<$> (\((x,y),z) -> (x y, z))
<$> ((unit $> (.)) <|> u <|> v)
`monoidalAp` w
= uncurry ($) . (\((x,y),z) -> (x y, z))
<$> ((unit $> (.)) <|> u <|> v)
`monoidalAp` w
= (\((x,y),z) -> x y z)
<$> ((unit $> (.)) <|> u <|> v)
`monoidalAp` w
= (\(x,y) -> x . y)
<$> (u <|> v)
`monoidalAp` w
= uncurry (.) <$> (u <|> v) `monoidalAp w
= uncurry ($)
<$> (uncurry (.) <$> (u <|> v)) <|> w
= uncurry ($) . (\((x,y),z) -> (x . y, z))
<$> (u <|> v <|> w)
= (\((x,y),z) -> x . y $ z)
<$> (u <|> v <|> w)
= (\((x,y),z) -> x (y z))
<$> (u <|> v <|> w)
= uncurry (.)
<$> (u <|> v <|> w)
```

And from the other side:

```
u `monoidalAp` (v `monoidalAp` w)
= uncurry ($) <$> (u <|> (v `monoidalAp` w))
= uncurry ($) <$> (u <|> (uncurry ($) <$> (u <|> w)))
= uncurry ($) <$> (\((x,y) -> (x, uncurry ($) y)))
<$> (u <|> (u <|> w))
= uncurry ($) . (\((x,y) -> (x, uncurry ($) y))
<$> (u <|> (v <|> w))
= (\((x, y) -> x (uncurry ($) y)))
<$> (u <|> (v <|> w))
= (\(x, (y, z) -> x (y z))
<$> (u <|> (v <|> w))
= (\(x, (y, z) -> x (y z)) . (\((x,y),z) -> (x,(y,z)))
<$> (u <|> v <|> w)
= (\((x,y),z) -> x (y z))
<$> (u <|> v <|> w)
= uncurry (.)
<$> (u <|> v <|> w)
```

QED

# Equivalence between Applicative and Monoidal functors

## From applicative functor to monoidal and back

In this section we consider an applicative functor `f`

and we consider tha applicative `monoidalAp`

and `monoidalUnit`

obtained from the associated monoidal functor. We show that these are equal to what we start with `<*>`

and `pure`

of `f`

.

The strategy of the proof transform all `<$>`

into `<*>`

using `f <$> x = pure f <*> x`

and mobe all brackets to the left using the composition law of applicative functors.

When we’ll get to the above canonical form (brackets grouped to the left) this will be all based on:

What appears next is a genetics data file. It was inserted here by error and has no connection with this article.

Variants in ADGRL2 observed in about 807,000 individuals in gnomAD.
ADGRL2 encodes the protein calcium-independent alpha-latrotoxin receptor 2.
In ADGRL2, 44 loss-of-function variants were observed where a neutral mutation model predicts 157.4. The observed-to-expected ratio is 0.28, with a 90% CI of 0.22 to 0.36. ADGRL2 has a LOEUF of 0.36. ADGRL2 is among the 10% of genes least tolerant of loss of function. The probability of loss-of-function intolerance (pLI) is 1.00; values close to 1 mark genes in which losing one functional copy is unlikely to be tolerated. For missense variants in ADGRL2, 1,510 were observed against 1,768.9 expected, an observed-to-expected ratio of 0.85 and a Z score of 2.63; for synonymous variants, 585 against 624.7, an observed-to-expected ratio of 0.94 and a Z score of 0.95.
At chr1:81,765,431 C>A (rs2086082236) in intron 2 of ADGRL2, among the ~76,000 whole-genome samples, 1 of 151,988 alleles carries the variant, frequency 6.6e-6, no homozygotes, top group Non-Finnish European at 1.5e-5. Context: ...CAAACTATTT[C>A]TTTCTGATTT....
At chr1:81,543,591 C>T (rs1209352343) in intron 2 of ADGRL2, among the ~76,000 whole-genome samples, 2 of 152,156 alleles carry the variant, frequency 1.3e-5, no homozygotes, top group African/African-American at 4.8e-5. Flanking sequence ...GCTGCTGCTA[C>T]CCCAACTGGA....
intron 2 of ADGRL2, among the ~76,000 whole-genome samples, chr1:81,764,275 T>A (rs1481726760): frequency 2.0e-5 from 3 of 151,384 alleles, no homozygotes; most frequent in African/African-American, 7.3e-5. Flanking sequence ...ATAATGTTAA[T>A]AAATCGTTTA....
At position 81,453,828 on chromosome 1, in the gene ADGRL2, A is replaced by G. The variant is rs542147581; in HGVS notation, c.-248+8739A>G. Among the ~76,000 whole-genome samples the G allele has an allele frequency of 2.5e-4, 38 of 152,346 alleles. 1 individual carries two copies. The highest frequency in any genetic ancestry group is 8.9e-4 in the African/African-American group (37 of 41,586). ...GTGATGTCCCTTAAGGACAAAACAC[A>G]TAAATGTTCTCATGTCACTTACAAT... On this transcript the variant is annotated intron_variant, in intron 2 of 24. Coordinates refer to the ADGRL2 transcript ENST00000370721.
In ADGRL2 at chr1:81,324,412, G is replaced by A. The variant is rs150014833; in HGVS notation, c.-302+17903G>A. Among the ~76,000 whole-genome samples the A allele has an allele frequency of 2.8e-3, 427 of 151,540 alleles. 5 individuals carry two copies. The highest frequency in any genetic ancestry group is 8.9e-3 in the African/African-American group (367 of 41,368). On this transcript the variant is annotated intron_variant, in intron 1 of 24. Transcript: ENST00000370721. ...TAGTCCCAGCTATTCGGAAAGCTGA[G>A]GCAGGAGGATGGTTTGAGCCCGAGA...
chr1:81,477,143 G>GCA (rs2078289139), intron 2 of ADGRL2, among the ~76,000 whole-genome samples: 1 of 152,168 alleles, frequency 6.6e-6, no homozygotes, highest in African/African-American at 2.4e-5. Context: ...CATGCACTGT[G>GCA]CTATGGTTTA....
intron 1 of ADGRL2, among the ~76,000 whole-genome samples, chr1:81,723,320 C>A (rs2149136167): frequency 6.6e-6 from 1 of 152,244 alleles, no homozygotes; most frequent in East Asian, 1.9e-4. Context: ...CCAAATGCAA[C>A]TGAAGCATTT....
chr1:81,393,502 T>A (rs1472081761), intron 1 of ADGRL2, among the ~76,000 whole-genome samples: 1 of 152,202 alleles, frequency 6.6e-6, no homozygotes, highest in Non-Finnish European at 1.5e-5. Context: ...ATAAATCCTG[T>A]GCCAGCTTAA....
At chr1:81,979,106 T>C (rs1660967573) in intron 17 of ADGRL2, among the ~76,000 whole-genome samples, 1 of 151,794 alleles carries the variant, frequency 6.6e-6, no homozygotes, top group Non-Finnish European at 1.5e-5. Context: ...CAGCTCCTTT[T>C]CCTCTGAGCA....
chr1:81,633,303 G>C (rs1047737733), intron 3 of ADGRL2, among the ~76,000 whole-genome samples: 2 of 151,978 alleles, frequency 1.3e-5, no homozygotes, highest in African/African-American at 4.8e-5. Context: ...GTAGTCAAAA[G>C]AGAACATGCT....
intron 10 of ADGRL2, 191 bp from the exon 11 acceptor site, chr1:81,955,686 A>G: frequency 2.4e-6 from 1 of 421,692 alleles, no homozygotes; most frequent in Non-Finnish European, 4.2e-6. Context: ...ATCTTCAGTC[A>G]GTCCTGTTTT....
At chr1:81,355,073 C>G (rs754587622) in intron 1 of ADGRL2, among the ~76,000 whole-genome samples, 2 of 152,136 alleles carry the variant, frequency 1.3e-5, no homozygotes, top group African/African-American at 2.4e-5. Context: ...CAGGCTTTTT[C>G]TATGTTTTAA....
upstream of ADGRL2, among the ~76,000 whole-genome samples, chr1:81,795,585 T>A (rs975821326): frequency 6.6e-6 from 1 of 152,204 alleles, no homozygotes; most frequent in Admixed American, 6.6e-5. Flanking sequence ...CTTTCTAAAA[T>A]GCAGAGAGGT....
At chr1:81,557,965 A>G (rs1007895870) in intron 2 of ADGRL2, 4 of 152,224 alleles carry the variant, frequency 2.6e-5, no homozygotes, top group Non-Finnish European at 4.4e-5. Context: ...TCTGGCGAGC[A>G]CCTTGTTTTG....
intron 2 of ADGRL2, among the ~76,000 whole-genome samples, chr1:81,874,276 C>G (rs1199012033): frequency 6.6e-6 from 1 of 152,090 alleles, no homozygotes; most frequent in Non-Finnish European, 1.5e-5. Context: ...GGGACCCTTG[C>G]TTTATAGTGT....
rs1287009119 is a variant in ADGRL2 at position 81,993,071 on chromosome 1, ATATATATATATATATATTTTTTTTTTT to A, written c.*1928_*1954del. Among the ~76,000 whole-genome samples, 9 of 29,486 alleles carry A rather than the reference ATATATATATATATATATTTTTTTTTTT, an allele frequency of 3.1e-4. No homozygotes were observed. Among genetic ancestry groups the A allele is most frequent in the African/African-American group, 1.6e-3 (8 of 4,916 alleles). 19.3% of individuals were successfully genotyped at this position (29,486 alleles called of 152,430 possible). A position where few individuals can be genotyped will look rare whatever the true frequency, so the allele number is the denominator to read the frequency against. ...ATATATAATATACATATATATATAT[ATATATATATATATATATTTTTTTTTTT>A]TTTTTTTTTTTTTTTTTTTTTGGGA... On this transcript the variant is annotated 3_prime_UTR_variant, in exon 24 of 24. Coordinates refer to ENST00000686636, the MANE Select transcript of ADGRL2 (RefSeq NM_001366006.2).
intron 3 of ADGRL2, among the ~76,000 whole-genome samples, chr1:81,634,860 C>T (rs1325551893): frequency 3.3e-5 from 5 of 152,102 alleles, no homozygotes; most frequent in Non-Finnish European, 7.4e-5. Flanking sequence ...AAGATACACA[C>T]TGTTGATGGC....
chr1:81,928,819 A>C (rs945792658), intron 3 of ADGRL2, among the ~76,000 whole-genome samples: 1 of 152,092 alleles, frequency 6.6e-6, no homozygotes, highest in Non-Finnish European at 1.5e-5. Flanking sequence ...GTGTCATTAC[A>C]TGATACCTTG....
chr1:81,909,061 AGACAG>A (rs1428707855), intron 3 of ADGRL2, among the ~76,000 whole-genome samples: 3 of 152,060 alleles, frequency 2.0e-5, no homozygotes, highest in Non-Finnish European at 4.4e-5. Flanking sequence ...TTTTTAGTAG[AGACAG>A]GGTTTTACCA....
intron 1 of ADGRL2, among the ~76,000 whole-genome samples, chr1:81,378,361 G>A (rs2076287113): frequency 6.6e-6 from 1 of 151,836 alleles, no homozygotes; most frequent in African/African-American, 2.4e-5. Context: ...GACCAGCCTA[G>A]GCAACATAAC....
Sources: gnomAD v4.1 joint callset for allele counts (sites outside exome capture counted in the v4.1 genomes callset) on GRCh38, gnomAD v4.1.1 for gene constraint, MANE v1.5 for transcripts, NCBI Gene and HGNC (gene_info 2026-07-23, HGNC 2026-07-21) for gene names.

**Lemma 1**

` (.) (uncurry ($)) . (,) = ($)`

**Proof**

```
((.) (uncurry ($)) . (,)) f a =
by definition of (.)
= (\x -> (.) (uncurry ($)) (x,)) f a
= (\x -> (uncurry ($)) . (x,)) f a
by definiiton of (.)
= (\x y -> (uncurry ($)) (x, y)) f a
by eta reduction
= uncurry ($) (f, a)
= ($) f a
= f a
```

QED

Below we show that if we take `monoidalAp`

defined via `<|>`

which is defined by `monoidalAp`

(which we denote by `<*>`

to make all the expressions shorter), then we will recover our original applicative `<*>`

(e.g. `monoidalAp`

):

```
monoidalAp fab fa
-- by definition of `monoidalAp`
= uncurry ($) <$> (fab <|> fa)
-- by defintion of `<|>`
= uncurry ($) <$> ((,) <$> fab <*> fa)
= uncurry ($) <$> (pure (,) <*> fab <*> fa)
= pure (uncurry ($)) <*> ((pure (,) <*> fab) <*> fa)
by composition
= pure (.) <*> pure (uncurry ($)) <*> (pure (,) <*> fab) <*> fa
= pure ((.) (uncurry ($))) <*> (pure (,) <*> fab) <*> fa
by lemma 2
= fab <*> fb
```

**Lemma 2**

`pure ((.) (uncurry ($))) <*> (pure (,) <*> fab) = fab`

**Proof**

```
pure ((.) (uncurry ($))) <*> (pure (,) <*> fab)
by /composition law/ of applicative functors
= pure (.) <*> pure ((.) (uncurry ($))) <*> pure (,) <*> fab
= pure ((.) ((.) (uncurry ($)))) <*> pure (,) <*> fab
= pure ((.) ((.) (uncurry ($))) (,)) <*> fab
= pure (((.) (uncurry ($))) . (,)) <*> ab
by lemma 1
= pure ($) <*> fab
since ($) = (id :: (a -> b) -> (a -> b)
and (pure id) <*> x = x
= fab
```

QED

## From monoidal to applicative and back

In this section we consider a monoidal functor `f`

, and then we consisder tha monoidal functor obtained from the associated applicative functor by means of `monoidalAp`

and `monoidalUnit`

. We prove that what we end with is the initial monoidal functor `f`

. We use `<|>`

and `unit`

to denote the initial monoidal structer of `f`

, `<*>`

and `pure`

is the associated applicative instance, and we will show that `monoidal`

is equal to `<|>`

```
monoidal fa fb
= (,) <$> fa <*> fb
= ((,) <$> fa) <|> fb)
= uncurry ($) <$> ((,) <$> fa) <|> fb
= uncurry ($) <$> (fmap (\(a, b) -> ((a,),b)) <$> (fa <|> fb))
= uncurry ($) . (\(a, b) -> ((a,),b) <$> (fa <|> fb)
= id <$> (fa <|> fb)
= fa <|> fb
```

```
monoidalUnit
= pure ()
-- by definition of pure for the associated applicative functor
= monoidalPure ()
= unit $> ()
= unit
```

# References

Applicative Programming with Effects, Conor McBride and Ross Peterson, Journal of Functional Programming, 2008.

There is a final section which briefly mentions equivalnce between strict lax monoidal functors and applicative ones (without all the details we went through here). It touches some subtle difference between categorical formulation and a higher order functional perspective (also used here), which are byond this blog post.